The Times‘ walking correspondent, Christopher Somerville, discusses his book Ships of Heaven: The Private Life of Britain’s Cathedrals.
“Ships of Heaven is the story of Britain’s flotilla of cathedrals, tossed on waves of power and glory, scandal and mayhem for a thousand years. Nowadays these great stone ships seem as solid and unshakeable as any Rock of Ages. But they are leaky old vessels in uncharted waters. They creak and groan, they fail and founder, then resurface against all odds. Theirs is a thrilling saga of crisis and boldness, of ruin and revival.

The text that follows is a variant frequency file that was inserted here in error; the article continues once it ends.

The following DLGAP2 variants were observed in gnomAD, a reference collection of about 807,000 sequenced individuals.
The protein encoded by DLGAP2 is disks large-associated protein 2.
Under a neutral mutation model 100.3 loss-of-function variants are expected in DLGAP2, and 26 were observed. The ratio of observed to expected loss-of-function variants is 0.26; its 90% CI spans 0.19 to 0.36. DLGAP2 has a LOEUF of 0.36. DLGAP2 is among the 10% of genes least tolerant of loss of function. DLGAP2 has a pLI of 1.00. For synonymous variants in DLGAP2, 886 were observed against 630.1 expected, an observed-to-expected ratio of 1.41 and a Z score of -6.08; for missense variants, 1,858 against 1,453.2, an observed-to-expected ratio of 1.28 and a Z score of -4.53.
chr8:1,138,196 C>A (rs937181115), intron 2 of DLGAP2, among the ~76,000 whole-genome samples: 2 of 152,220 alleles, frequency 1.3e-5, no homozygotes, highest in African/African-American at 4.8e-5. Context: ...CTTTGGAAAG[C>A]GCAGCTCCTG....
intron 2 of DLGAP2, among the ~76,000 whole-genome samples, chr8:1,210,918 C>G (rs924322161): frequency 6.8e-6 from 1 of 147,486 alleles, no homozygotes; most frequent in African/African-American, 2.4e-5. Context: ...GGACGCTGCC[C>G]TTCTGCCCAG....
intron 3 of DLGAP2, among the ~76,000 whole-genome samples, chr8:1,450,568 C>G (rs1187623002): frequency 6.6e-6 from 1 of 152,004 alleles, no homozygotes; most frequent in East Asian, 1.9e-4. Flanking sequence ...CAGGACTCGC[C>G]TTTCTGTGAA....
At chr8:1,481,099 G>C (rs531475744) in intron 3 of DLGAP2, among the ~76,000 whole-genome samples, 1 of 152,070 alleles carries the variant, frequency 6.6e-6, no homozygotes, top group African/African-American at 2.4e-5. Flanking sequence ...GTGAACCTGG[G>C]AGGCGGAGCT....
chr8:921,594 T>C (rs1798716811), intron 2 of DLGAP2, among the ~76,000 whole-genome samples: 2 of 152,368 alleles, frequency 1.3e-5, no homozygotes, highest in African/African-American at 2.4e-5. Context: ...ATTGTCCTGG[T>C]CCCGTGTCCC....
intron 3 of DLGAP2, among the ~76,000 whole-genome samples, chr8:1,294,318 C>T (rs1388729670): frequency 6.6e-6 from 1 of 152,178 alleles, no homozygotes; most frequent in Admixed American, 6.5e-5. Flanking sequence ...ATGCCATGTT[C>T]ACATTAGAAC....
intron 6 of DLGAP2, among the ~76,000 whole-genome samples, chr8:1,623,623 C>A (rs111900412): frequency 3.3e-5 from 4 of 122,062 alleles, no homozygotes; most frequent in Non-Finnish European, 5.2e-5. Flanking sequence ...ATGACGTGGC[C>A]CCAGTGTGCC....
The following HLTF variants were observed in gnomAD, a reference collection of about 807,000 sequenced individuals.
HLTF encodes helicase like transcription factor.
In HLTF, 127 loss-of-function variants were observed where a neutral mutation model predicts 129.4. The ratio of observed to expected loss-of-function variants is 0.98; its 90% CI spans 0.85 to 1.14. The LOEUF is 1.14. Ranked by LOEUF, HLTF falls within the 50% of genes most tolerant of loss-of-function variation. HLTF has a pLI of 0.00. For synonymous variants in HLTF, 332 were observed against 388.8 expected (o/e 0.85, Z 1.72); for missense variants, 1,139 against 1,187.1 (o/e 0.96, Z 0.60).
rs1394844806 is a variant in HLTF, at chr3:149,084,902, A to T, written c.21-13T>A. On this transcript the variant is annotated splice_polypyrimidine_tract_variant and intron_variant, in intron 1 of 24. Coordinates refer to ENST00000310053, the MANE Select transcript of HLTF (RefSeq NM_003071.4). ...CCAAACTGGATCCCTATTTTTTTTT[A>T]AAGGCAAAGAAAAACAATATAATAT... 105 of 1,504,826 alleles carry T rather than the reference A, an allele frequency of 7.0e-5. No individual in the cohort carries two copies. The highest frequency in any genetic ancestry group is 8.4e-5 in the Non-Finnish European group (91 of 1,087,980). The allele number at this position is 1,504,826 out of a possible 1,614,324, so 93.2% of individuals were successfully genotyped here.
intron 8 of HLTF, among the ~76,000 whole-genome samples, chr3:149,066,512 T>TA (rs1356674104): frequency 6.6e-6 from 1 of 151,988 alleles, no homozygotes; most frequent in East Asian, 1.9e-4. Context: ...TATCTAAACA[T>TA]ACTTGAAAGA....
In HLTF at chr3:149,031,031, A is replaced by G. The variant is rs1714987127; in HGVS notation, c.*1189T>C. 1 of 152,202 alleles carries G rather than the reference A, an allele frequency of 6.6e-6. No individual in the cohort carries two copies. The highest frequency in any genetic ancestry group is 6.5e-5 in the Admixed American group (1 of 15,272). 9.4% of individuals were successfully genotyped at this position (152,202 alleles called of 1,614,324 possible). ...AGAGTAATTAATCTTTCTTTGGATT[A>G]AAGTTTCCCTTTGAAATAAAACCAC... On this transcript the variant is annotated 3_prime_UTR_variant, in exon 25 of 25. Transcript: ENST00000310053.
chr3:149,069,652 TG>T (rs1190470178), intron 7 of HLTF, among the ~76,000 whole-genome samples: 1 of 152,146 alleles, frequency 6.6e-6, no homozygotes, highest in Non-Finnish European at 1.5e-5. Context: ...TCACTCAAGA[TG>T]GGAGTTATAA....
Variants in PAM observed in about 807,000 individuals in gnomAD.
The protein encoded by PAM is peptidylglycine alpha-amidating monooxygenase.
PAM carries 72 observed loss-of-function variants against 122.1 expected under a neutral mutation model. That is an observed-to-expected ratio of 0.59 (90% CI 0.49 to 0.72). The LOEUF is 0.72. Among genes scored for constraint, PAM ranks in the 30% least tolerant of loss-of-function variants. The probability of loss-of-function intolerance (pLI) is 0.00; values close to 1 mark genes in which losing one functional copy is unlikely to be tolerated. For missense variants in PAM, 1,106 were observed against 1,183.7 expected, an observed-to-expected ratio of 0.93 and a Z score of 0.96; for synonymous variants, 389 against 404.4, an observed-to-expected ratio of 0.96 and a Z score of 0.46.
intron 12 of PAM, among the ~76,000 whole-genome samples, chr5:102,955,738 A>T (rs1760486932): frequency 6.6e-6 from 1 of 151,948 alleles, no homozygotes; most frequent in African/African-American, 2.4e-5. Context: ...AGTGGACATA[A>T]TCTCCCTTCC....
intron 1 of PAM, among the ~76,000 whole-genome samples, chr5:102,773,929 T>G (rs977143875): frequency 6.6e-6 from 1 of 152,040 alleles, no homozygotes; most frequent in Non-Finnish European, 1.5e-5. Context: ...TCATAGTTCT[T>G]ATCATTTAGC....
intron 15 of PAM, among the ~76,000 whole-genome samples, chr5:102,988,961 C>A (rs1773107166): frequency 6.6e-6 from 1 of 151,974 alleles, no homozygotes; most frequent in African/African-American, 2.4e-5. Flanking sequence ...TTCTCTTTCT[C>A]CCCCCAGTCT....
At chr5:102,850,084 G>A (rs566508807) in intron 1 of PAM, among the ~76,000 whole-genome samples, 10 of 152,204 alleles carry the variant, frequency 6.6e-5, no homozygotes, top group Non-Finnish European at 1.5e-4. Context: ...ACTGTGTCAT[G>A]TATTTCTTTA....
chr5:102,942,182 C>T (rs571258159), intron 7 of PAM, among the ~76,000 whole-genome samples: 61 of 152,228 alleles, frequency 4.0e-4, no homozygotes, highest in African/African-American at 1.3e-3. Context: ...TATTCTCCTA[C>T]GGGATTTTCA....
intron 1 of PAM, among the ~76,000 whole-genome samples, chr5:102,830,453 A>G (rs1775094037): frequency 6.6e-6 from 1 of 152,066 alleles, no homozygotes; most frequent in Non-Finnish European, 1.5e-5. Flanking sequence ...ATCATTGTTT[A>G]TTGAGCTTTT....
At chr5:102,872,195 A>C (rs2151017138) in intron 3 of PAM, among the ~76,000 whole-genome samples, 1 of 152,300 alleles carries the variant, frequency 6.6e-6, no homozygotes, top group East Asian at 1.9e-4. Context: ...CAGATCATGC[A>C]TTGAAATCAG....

“Christopher goes behind the scenes to seek out believers, non-believers and troubled souls, bishops and architects, glass makers and embroiderers, the Holy Duster who cleans the ears and noses of the cathedral monuments, and the stonemason who judges his building stone by the way it tastes. He travels with a motley crew of jolly rogues and prophets, painters dangling at a rope’s end, monks who watch as their life’s work comes crashing down before their eyes. In such colourful company we delve deep into the private life and the uncertain future of these ever-voyaging Ships of Heaven.”